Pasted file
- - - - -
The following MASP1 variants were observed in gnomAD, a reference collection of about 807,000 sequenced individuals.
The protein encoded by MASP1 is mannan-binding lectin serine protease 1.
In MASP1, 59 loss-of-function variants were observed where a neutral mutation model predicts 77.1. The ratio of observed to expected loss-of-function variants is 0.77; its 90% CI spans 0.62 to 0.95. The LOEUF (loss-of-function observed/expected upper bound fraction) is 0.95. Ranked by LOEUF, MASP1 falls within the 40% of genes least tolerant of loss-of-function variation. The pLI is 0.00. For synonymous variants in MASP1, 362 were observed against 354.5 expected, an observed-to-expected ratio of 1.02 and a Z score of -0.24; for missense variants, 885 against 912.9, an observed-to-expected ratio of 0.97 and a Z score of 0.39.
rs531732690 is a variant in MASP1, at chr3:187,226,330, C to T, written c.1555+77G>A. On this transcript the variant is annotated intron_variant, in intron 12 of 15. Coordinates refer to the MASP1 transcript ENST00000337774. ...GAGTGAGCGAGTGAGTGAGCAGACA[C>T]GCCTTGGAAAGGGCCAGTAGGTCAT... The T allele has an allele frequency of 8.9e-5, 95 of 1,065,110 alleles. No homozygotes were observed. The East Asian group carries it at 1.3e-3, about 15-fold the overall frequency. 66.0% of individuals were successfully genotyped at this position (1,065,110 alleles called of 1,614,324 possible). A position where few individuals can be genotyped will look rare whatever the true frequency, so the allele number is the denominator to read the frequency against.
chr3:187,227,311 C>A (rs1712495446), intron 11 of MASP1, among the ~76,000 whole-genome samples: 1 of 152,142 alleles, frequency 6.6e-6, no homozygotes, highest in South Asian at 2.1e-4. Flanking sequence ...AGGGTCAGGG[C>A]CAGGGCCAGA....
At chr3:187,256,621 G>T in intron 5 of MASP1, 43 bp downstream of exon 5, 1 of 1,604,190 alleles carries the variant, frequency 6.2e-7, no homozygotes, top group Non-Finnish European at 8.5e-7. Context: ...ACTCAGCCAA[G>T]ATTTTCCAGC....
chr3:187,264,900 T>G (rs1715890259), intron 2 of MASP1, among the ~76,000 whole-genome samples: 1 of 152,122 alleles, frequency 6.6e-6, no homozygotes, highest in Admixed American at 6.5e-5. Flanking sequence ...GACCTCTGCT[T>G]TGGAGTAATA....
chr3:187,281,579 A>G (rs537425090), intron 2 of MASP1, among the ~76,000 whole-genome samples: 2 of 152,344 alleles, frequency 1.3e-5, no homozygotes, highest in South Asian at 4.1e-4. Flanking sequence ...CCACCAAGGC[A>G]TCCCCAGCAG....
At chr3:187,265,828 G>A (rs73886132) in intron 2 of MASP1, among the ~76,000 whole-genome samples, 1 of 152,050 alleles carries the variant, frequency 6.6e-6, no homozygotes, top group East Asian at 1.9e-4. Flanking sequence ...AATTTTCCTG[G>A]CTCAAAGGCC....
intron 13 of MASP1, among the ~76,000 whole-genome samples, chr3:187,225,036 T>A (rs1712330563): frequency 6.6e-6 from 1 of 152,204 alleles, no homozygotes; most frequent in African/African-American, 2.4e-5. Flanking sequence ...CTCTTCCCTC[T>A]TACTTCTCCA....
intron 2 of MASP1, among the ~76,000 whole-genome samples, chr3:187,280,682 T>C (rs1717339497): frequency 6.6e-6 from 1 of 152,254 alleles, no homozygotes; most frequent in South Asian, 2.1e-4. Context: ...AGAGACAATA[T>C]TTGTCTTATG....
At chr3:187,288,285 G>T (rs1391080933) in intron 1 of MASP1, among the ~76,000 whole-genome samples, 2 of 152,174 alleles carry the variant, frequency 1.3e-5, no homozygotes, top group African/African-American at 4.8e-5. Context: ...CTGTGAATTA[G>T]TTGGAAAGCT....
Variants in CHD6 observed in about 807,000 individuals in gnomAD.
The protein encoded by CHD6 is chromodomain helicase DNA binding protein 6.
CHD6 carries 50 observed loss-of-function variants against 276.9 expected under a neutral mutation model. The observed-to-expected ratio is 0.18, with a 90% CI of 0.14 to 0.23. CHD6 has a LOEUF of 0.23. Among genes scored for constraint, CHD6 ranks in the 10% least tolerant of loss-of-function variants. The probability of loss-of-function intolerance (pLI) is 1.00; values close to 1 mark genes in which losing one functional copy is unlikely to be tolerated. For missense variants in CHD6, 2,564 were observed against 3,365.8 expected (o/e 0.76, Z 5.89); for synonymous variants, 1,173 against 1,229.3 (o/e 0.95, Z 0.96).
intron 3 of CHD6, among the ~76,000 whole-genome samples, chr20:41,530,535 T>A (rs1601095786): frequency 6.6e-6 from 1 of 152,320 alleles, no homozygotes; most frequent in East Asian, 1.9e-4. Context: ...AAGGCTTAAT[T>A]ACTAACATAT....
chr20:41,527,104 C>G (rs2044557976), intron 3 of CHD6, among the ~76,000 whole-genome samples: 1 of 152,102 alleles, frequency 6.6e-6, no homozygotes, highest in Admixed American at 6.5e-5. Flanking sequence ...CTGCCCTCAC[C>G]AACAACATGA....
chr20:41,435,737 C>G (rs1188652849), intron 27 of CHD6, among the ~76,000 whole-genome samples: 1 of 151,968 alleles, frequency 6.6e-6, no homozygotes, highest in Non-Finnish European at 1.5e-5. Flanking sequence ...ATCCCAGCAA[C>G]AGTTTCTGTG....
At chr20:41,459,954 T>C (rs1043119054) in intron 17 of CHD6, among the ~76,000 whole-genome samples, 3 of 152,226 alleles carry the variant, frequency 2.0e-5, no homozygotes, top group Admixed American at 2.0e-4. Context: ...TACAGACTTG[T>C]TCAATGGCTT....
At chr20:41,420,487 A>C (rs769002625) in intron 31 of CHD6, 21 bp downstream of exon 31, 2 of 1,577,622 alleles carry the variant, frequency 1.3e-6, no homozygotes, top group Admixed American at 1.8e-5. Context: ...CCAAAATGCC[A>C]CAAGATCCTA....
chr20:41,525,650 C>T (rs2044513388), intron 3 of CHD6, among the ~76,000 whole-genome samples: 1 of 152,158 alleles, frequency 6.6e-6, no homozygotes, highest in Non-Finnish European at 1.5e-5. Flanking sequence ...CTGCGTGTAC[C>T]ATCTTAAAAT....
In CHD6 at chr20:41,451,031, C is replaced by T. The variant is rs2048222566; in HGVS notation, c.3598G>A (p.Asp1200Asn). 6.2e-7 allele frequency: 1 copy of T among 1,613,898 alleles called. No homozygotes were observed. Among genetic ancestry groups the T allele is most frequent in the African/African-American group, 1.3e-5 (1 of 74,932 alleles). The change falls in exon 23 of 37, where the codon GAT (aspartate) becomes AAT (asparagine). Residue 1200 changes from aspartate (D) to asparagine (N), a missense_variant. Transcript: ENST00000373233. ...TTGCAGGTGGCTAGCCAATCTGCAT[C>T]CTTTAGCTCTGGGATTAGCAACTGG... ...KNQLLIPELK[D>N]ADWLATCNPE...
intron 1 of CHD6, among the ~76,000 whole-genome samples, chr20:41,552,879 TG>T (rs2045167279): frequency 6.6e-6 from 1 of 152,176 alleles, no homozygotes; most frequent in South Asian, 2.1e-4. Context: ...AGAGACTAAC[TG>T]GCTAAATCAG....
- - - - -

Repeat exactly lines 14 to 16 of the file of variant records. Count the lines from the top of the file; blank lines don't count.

The protein encoded by CHD6 is chromodomain helicase DNA binding protein 6.
CHD6 carries 50 observed loss-of-function variants against 276.9 expected under a neutral mutation model. The observed-to-expected ratio is 0.18, with a 90% CI of 0.14 to 0.23. CHD6 has a LOEUF of 0.23. Among genes scored for constraint, CHD6 ranks in the 10% least tolerant of loss-of-function variants. The probability of loss-of-function intolerance (pLI) is 1.00; values close to 1 mark genes in which losing one functional copy is unlikely to be tolerated. For missense variants in CHD6, 2,564 were observed against 3,365.8 expected (o/e 0.76, Z 5.89); for synonymous variants, 1,173 against 1,229.3 (o/e 0.95, Z 0.96).
intron 3 of CHD6, among the ~76,000 whole-genome samples, chr20:41,530,535 T>A (rs1601095786): frequency 6.6e-6 from 1 of 152,320 alleles, no homozygotes; most frequent in East Asian, 1.9e-4. Context: ...AAGGCTTAAT[T>A]ACTAACATAT....